Challenges of Teaching Students with Ebd

Topics: Education, Abnormal psychology, Special education Pages: 5 (1573 words) Published: February 13, 2013
Running head: Challenges of Teaching Students

Challenges of Teaching Students with EBD
Grand Canyon University: SPE 553
Rorie Ross
February 6, 2013

Fifty years ago, students with emotional behavioral disabilities could be housed in an institution with no hope of education. Twenty years ago, it was acceptable for schools to isolate these same students in the school away from the general population. Today, students with emotional behavioral disabilities have increased interaction with general education students in a more normalized environment. But with all that change the challenge of teaching students with emotional behavioral disorders remains with the ambiguous, confusing and conflicting definition of what emotional behavioral disabilities are. IDEA recognized Emotional Behavioral Disorder as an Emotional Disturbance. The American Psychiatric Association Diagnostic and Statistical Manual for Mental Disorders, Text Revision (DSM-IV-TR) are classified under the umbrella of emotional disorders. In this classification disorders such as Post Traumatic Stress Disorder (PTSD), Selective Mutism, Adjustment Disorders, Obsessive Compulsive Disorder, Anxiety Disorders, Attention Deficit/Hyper activity Disorder, Bipolar Disorder, Bulimia Nervosa, Major Depressive Disorder, Oppositional Defiance Disorder, Conduct Disorder, Major Depressive Disorder Autistic Disorder, Schizophrenia and Anorexia Nervosa are also included. But, Seriously Emotionally Disturbed (SED) is referenced but is not considered a medical diagnosis, SED is however used synonymously with Emotional Behavioral Disorder as a label for schools to provide special education services. In other words, the Psychiatrists recognize it as a disorder, but have not yet defined it as a medical condition. Even today, doctors are treating it and do not even have a medical diagnosis code to align it with. According to Dr. Feldman a major revision will be released in 2013 which may provide a definition of emotional behavioral disorders. Moreover the National School Boards Association (NSBA) objected and blocked a definition as a revision to IDEA, out of concern that the definition would cause an increase of students identified for services with emotional disturbances and it would cause local districts to have a negative financial impact.(Yell 2009) The conversation needs to focus on how the students who exist today are being underserved and possibly underrepresented. (Kauffman & Landrum, 2009) According to IDEA defines emotional disturbance as follows: “…a condition exhibiting one or more of the following characteristics over a long period of time and to a marked degree that adversely affects a child’s educational performance: (A) An inability to learn that cannot be explained by intellectual, sensory, or health factors. (B) An inability to build or maintain satisfactory interpersonal relationships with peers and teachers. (C) Inappropriate types of behavior or feelings under normal circumstances. (D) A general pervasive mood of unhappiness or depression.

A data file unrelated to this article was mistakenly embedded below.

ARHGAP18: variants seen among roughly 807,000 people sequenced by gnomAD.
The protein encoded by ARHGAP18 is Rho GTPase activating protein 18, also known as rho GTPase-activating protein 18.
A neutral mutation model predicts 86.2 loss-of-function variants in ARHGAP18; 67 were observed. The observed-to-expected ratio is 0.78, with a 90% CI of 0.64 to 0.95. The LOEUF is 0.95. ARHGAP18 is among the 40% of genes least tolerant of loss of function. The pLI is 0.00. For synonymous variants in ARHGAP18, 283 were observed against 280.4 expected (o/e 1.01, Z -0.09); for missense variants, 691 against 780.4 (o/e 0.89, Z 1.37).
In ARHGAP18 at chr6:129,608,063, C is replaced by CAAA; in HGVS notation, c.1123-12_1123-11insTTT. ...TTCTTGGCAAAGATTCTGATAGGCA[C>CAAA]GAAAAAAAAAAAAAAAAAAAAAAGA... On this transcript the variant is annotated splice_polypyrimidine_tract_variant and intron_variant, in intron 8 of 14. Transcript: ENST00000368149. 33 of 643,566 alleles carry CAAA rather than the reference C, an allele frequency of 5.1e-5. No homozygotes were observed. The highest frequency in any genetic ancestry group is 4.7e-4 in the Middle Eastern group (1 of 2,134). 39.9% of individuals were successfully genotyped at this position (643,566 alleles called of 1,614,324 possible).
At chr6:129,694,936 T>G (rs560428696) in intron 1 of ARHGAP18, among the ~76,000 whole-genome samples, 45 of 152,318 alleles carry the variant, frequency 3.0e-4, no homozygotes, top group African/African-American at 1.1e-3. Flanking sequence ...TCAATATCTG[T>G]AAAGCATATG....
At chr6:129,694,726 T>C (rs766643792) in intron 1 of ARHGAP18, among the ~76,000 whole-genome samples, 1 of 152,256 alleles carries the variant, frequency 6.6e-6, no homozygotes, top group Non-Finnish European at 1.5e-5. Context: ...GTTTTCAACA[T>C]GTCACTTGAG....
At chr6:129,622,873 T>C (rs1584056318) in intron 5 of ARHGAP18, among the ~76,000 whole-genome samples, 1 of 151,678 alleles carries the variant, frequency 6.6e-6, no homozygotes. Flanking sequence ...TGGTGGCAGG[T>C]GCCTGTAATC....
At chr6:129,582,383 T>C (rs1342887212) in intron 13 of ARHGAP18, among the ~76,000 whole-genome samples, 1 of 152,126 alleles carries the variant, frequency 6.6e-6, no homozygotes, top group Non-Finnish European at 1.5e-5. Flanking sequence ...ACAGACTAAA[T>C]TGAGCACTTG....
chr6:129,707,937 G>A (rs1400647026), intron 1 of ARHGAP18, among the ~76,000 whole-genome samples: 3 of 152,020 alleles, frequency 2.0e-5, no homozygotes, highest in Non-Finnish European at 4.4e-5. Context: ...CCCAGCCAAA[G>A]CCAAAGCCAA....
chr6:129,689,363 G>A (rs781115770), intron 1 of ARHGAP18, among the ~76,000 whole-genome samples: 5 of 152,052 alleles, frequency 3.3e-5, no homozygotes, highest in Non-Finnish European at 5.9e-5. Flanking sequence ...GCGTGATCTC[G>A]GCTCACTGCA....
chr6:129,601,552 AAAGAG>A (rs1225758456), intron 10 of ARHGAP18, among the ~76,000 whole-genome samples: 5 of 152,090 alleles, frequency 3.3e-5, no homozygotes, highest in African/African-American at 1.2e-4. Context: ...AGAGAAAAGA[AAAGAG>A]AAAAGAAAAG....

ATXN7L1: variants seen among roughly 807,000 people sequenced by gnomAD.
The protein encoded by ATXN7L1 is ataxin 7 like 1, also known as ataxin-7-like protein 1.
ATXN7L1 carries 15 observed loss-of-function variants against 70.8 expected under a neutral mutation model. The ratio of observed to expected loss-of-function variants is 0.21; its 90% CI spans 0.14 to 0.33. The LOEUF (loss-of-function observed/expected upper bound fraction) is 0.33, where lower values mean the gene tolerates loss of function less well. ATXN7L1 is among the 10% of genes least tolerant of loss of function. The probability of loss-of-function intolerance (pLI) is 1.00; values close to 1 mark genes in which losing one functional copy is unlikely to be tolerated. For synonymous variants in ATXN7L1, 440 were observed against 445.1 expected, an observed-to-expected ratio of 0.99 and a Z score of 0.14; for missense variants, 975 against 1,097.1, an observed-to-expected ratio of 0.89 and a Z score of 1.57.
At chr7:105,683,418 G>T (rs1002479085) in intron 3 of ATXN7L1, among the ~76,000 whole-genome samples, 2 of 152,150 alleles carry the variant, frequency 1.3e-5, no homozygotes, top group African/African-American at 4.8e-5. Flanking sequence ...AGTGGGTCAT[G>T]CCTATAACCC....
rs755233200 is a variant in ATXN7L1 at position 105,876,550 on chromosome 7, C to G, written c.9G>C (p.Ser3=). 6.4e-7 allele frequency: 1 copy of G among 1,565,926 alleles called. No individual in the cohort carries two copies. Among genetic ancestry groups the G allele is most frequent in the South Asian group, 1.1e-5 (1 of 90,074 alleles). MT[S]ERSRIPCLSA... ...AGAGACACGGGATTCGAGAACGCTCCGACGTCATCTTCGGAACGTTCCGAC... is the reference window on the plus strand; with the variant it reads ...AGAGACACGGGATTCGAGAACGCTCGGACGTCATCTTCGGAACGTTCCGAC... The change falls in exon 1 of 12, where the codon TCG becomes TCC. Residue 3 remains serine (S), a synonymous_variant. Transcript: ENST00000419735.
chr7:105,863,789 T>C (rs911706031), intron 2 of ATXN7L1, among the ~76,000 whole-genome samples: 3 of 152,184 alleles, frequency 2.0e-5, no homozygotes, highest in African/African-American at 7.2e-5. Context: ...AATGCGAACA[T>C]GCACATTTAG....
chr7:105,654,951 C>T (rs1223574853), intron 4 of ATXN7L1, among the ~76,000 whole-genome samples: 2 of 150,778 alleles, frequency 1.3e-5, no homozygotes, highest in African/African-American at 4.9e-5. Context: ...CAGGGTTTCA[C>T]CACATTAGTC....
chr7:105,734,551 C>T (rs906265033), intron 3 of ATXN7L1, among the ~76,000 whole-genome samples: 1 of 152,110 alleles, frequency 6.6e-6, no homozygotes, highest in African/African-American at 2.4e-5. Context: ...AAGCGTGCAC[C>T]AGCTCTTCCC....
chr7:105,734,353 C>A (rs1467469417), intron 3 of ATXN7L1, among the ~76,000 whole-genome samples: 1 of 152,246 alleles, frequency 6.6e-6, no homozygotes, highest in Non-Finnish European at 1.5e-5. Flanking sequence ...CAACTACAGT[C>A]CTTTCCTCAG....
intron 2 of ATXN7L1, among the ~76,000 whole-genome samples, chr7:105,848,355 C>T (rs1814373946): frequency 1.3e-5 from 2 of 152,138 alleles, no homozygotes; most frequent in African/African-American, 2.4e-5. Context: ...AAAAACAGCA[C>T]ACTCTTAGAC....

(E) A tendency to develop physical symptoms or fears associated with personal or school problems.” As defined by IDEA, emotional disturbance includes schizophrenia but does not apply to children who are socially maladjusted, unless it is determined that they have an emotional disturbance.” (Yell 2009) As can be seen both the U.S. government, National School boards Association and the American Psychiatric Association need to determine a conclusive definition of emotional behavioral disorders that is synonymous with its characteristics. From the definitions, no one is wrong, but there are significant points that are lacking toward a definition that can be adopted by all including the violent and or antisocial behavior that is prevalent in individuals with emotional behavioral disorders. Sweeping changes in the definition must be completed for effective policy for transitional services and early...
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